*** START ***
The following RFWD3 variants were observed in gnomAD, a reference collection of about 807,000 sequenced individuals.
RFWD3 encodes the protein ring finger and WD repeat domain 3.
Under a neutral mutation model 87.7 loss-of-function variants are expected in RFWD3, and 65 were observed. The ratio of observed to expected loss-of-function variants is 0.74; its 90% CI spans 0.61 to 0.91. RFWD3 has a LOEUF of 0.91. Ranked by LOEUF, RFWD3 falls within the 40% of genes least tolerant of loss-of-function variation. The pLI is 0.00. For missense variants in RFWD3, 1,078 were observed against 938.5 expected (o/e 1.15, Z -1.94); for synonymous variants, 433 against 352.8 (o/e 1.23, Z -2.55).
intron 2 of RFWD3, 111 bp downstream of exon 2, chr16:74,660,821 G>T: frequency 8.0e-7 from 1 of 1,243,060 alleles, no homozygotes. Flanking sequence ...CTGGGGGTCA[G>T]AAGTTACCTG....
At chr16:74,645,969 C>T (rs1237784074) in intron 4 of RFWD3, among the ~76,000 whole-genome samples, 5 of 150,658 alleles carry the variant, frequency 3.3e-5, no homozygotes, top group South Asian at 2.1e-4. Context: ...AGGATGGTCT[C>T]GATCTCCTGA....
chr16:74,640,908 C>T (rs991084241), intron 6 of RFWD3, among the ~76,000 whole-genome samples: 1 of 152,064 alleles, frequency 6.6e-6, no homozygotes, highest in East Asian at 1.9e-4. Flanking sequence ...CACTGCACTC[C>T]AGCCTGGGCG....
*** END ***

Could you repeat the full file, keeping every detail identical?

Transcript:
The following RFWD3 variants were observed in gnomAD, a reference collection of about 807,000 sequenced individuals.
RFWD3 encodes the protein ring finger and WD repeat domain 3.
Under a neutral mutation model 87.7 loss-of-function variants are expected in RFWD3, and 65 were observed. The ratio of observed to expected loss-of-function variants is 0.74; its 90% CI spans 0.61 to 0.91. RFWD3 has a LOEUF of 0.91. Ranked by LOEUF, RFWD3 falls within the 40% of genes least tolerant of loss-of-function variation. The pLI is 0.00. For missense variants in RFWD3, 1,078 were observed against 938.5 expected (o/e 1.15, Z -1.94); for synonymous variants, 433 against 352.8 (o/e 1.23, Z -2.55).
intron 2 of RFWD3, 111 bp downstream of exon 2, chr16:74,660,821 G>T: frequency 8.0e-7 from 1 of 1,243,060 alleles, no homozygotes. Flanking sequence ...CTGGGGGTCA[G>T]AAGTTACCTG....
At chr16:74,645,969 C>T (rs1237784074) in intron 4 of RFWD3, among the ~76,000 whole-genome samples, 5 of 150,658 alleles carry the variant, frequency 3.3e-5, no homozygotes, top group South Asian at 2.1e-4. Context: ...AGGATGGTCT[C>T]GATCTCCTGA....
chr16:74,640,908 C>T (rs991084241), intron 6 of RFWD3, among the ~76,000 whole-genome samples: 1 of 152,064 alleles, frequency 6.6e-6, no homozygotes, highest in East Asian at 1.9e-4. Flanking sequence ...CACTGCACTC[C>T]AGCCTGGGCG....